Menendez: At one point, he said that if the Smithsonian wants to celebrate Latinos, we can add more floors. There are more than a dozen [18] Smithsonian museums. We have an African-American Museum. We have a Native American Museum. We have an Air and Space Museum. These museums tell the American story, and Latinos are part of the American tapestry. All his arguments fell short, and I’m beginning to take it personally. When I pushed for Sandy recovery, he was the one who stopped it and insisted on offsets, when we never offset natural disasters. I remember trying to get something about carbon monoxide monitoring in public housing, he objected to unanimous consent. So I don’t know if it’s a personal thing, but in this case, it’s unacceptable. He also did it with the women’s museum proposal from Sen. (Susan) Collins as well.

 

Q. Lee’s objection evokes Jesse Helms from 1994, when he stated that “Once Congress establishes a museum dedicated solely to African-Americans, every other minority will ask taxpayers to pony up for a special museum.” How far have we’ve come, exactly?

 

Menendez: You know, sometimes it is others who move further away by standing still. I thought we were well past that moment, and I thought looking at this as a point of celebration and not of division, and something that would continue to tell the American story. But this is a dream that is going to happen. It would be nice to start now, because it’s going to take another decade to site the location, do the planning, and raise the money. It’s time to start.

 

Q. This will be the first museum to have enshrined in its charter a requirement “to ensure representation from the conservative viewpoint.” Why was that important?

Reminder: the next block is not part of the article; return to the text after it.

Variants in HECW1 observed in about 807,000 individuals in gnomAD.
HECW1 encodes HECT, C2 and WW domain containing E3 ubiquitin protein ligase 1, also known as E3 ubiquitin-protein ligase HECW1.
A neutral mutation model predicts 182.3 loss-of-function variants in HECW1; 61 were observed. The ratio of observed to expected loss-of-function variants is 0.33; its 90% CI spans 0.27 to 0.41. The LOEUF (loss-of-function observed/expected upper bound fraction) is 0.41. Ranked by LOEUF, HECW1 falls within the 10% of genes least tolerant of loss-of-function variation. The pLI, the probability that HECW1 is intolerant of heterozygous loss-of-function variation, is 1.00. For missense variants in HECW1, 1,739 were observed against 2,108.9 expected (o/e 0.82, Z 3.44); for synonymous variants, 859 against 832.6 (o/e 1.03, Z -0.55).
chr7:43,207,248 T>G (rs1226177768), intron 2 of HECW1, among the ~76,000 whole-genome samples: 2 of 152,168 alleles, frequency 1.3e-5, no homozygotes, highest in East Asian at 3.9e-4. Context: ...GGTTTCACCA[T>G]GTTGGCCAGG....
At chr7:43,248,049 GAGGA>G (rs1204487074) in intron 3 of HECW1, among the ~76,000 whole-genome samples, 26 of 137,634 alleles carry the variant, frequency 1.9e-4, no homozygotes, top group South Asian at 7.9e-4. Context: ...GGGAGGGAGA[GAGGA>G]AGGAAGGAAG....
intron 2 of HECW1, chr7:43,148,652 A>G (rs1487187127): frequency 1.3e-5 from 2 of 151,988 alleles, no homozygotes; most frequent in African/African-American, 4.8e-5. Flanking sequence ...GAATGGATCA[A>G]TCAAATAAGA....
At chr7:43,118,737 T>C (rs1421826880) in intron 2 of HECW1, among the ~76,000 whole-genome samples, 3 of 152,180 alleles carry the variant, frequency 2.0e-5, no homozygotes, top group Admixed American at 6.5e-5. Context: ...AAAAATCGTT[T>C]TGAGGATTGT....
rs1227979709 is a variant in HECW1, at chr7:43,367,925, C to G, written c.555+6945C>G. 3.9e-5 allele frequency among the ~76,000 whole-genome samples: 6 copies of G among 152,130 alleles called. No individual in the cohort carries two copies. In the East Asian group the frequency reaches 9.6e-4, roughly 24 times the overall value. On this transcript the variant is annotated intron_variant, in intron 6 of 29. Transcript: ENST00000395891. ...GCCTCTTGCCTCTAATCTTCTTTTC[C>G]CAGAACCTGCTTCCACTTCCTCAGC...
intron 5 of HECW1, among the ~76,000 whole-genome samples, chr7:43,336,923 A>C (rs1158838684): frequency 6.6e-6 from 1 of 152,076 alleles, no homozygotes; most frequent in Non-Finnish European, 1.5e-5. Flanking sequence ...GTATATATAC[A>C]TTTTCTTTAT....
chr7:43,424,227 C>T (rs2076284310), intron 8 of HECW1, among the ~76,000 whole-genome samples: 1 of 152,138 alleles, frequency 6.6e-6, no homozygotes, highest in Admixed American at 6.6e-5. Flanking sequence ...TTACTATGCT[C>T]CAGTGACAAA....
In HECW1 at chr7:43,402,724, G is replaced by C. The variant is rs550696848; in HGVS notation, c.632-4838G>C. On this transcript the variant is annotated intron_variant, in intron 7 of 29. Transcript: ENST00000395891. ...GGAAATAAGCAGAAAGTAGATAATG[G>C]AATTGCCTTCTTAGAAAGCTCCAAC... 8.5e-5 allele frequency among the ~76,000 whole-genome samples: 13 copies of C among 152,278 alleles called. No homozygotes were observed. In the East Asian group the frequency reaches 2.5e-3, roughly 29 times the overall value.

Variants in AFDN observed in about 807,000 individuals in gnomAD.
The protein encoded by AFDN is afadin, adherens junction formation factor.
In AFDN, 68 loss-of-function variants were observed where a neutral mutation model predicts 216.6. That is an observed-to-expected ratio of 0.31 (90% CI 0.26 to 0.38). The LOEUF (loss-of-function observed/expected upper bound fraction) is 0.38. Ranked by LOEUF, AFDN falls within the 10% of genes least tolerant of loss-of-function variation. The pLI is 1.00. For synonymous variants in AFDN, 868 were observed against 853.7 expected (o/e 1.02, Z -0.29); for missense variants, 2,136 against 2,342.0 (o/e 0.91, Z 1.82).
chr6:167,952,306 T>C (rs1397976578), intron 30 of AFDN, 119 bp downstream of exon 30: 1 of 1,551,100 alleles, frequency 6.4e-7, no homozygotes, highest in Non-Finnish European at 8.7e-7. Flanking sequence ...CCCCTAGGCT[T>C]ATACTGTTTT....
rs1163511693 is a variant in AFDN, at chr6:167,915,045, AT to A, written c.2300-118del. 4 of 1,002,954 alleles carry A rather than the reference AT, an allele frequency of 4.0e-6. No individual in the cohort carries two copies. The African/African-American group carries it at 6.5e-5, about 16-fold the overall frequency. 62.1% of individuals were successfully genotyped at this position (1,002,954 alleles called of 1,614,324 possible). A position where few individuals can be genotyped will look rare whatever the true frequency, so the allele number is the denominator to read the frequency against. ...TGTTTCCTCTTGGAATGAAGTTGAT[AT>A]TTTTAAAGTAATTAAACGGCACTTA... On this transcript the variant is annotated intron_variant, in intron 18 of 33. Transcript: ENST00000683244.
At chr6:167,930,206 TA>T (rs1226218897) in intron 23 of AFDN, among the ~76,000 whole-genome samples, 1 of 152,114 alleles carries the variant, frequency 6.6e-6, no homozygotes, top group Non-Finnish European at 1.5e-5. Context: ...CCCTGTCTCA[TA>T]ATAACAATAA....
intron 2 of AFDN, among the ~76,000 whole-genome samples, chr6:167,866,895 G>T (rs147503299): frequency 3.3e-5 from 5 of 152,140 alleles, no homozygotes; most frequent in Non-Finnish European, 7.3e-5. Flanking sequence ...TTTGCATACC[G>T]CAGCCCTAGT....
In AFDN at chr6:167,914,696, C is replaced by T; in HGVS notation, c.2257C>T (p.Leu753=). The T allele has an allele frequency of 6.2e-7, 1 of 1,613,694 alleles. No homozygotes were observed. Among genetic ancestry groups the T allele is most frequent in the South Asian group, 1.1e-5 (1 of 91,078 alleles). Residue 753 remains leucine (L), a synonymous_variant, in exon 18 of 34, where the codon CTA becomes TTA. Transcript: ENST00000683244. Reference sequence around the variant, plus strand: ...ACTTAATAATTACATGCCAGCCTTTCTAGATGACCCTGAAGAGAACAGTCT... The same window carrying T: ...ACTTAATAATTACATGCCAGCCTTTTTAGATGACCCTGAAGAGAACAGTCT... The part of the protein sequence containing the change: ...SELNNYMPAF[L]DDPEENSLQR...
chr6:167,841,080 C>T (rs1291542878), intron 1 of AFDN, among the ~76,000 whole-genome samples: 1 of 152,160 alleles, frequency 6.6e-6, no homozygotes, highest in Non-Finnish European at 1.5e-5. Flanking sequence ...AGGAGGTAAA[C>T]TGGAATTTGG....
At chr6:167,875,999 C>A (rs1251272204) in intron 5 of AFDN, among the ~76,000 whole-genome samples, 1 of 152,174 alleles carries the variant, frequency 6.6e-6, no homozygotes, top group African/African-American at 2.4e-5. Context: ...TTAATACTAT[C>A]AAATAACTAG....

Menendez: Well, as you know, legislating is the art of the possible. It was one of the issues that brought John Cornyn as my main Republican co-sponsor, along with others. To use their words, they didn’t want this to be the Cesar Chávez Museum. And I said, ‘Listen, Latinos are liberals and conservatives and moderates and everything in between. I would think any museum should have that full galaxy of expression as part of its history, so if this is what you need, so be it.’ I think it’s unnecessary, but look, it seems Latinos are often asked to do what others are not asked to do.

 

Q. Chávez already has a Navy ship named for him. Will they complain if he just gets his own wing?

 

Menendez: Mark my words: Cesar Chávez will have a very significant presence, no doubt. The farm workers, the Bracero Program, civil rights — it’s a critical part of American history.

Q. Is it quixotic to think that a Latino Museum might change American attitudes in areas that you work in all the time, such as immigration reform, foreign aid, and refugee resettlement?

 

Menendez: That’s not quixotic at all. Think about the feeling one gets coming out of the Holocaust Museum, a dynamic institution that gives you a sense of man’s inhumanity to man that you wouldn’t ordinarily experience. Or just think about the African-American History Museum: It’s so moving that even now, you have to reserve tickets because of the volume, unlike the other Smithsonian museums, where you can walk right in. And the stories you hear from non-African Americans are compelling: They find it to be a window to our history, which makes us think about the issues we deal with today. So no, that’s not quixotic at all.

 

Q. Have you explored the possibility that you’re related to the founder of St. Augustine, Pedro Menéndez de Avilés?

 

Menendez: I’m doing a title search to see if I can get any property down there. Seriously, the Menendez name is very prominent in Avilés, and I started looking into it once, and will again. It would be interesting.